Tom and Dan Rogers' Almond Orchard
Tom Rogers and his brother Dan are almond growers in Madera, California. They farm 175 acres on a ranch that has been in the family for three generations. In 1916, their grandparents purchased the property as a dairy and dry-land farming operation. It was not until the early 1980s that Tom’s father planted the first block of almonds. They currently grow Nonpareil Carmel and Butte, and Padre and Nonpareil Monterey almond varieties.
The farming philosophy of the orchard is simple: take care of the soils and they will take care of the trees. To that end, Tom and Dan collect various data and monitor their soils and plant nutrient status to inform their irrigation and nutrient management programs. They believe strongly in protecting their natural resources and supporting the environment to produce healthy trees and quality almonds.
Tom is a Board Member of the local Farm Bureau and was the recipient of the 2014 Farm Water Stewards Award.
Nutrient Management Practices
Since 2008, Tom and Dan have been working with two companies to develop and monitor their fertility plan. These companies take and analyze soil and leaf samples. One soil sample per soil type is taken to determine available nutrients across the farm. NRCS maps indicate varying combinations of sandy-loam and hardpan clay soils. Leaf samples are used to monitor the nutrient status of the trees throughout the season. Samples are taken once a month from the same tree branch to allow them to anticipate any nutrient deficiencies and adjust the program throughout the season.
In February of each year, they develop the fertility plan for the season, receiving recommendations for the timing and rate of fertilizer applications from California Ag Solutions. Fertilizers are generally applied from mid-March to June, unless leaf samples indicate a need for additional applications. Compost is then applied post-harvest in December. Harvest data is also used to guide the nutrient management plan.
Nitrogen, potassium, calcium, and microbial stimulants are all included in their fertility plan and applied with foliar sprays or fertigation. They may add boron as needed.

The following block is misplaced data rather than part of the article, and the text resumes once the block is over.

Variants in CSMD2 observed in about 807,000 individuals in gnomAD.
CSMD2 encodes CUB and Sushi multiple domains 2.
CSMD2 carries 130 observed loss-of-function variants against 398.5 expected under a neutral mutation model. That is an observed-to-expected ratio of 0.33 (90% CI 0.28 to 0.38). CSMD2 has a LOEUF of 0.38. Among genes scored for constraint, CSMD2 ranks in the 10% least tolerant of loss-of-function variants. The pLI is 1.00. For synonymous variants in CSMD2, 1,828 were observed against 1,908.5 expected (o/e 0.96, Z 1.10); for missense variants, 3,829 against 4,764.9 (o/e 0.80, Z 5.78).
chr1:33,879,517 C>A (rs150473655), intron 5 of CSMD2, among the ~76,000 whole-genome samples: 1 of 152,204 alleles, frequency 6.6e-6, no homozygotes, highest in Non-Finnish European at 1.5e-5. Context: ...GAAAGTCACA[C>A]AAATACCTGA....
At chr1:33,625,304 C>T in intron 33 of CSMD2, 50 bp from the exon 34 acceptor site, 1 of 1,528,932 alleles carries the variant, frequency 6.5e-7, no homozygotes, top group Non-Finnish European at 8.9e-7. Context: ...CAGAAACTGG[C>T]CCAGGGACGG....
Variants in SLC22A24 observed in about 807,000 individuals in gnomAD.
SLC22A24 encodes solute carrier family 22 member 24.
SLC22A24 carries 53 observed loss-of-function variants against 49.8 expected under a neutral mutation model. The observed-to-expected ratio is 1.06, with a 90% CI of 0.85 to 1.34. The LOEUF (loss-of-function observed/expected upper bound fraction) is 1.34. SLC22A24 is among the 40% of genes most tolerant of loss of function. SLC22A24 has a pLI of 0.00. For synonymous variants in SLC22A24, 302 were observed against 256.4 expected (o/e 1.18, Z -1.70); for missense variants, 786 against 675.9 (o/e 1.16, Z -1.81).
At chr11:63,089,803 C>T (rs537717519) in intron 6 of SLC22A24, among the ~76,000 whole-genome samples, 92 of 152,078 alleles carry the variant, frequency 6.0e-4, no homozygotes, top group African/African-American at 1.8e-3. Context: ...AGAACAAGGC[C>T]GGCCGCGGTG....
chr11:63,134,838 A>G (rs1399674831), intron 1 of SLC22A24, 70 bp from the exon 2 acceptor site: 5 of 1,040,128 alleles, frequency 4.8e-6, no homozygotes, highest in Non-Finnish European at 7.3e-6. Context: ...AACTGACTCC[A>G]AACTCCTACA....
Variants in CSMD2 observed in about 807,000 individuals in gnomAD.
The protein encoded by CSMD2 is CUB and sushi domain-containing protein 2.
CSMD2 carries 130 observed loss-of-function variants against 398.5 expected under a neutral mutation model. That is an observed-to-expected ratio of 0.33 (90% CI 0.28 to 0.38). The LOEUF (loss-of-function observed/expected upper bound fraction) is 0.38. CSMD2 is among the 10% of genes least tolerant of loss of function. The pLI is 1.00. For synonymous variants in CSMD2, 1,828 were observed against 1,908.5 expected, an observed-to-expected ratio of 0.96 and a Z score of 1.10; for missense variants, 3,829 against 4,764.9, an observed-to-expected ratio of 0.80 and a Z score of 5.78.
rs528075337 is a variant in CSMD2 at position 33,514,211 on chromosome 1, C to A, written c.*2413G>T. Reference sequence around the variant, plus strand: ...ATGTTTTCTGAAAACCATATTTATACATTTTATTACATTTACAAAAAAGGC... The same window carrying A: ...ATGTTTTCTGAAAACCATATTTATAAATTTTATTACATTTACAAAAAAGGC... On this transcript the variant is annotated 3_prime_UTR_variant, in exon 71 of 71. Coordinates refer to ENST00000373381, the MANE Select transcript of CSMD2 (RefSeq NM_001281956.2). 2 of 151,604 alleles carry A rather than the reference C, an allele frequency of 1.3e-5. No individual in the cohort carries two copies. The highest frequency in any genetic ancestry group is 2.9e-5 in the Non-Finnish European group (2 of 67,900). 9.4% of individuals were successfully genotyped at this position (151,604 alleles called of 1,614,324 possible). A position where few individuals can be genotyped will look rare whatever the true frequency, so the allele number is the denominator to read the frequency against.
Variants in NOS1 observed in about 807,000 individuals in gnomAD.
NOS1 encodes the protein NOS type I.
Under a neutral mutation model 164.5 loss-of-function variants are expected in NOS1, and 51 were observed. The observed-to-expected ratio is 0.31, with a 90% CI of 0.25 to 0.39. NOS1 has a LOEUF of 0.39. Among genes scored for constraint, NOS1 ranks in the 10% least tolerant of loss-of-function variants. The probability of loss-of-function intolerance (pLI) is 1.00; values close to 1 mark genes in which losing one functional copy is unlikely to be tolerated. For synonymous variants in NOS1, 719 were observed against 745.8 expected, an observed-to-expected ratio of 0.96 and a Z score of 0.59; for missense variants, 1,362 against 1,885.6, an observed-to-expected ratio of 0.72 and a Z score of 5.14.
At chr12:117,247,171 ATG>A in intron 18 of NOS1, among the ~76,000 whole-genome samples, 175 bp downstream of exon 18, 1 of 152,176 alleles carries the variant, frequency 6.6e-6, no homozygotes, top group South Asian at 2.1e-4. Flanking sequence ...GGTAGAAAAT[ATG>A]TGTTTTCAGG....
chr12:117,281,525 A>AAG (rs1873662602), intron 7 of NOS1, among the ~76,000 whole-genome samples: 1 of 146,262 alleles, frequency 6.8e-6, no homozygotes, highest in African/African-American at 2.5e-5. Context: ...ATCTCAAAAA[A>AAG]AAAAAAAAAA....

An Evolving Nutrient Management Plan
“The worst time we were burned,” Dan says, “Is when we did the same thing year after year.”
Tom and Dan are committed to changing and adapting their program with each growing season and to trying new things. When their father first started the orchard, nitrogen was applied once, post harvest. Later, this was increased to three applications over the season, and in the early 2000s, they were using foliar sprays 12 to 14 times in the season. But with all of these programs, they saw limitations: soil health decreased, yields plateaued, and in some blocks, the lower branches on the almond trees stopped growing entirely.
Since 2006, Tom and Dan have been working with new companies to fine tune the timing of the application of their fertilizers, the rate of application, and the micronutrients they apply. They have reduced foliar sprays down to 6 or 7 a season and have diversified the micronutrients they apply.
Tom is quick to say that he is always learning on the farm; the changes that they made to their nutrient management plan and the benefits they have seen on-farm are incremental and on-going. But, as they have adopted application rates, timing, and micronutrient solutions, they have seen many benefits emerge:
- An increase in nut size. Their average yields are 3,000 lbs per acre
- An increase in nut quality and increased nutritional content in the almonds
- An increase in soil health, more microbes, increased water infiltration rate, and increased worm activity
- Regrowth of the low branches on stressed blocks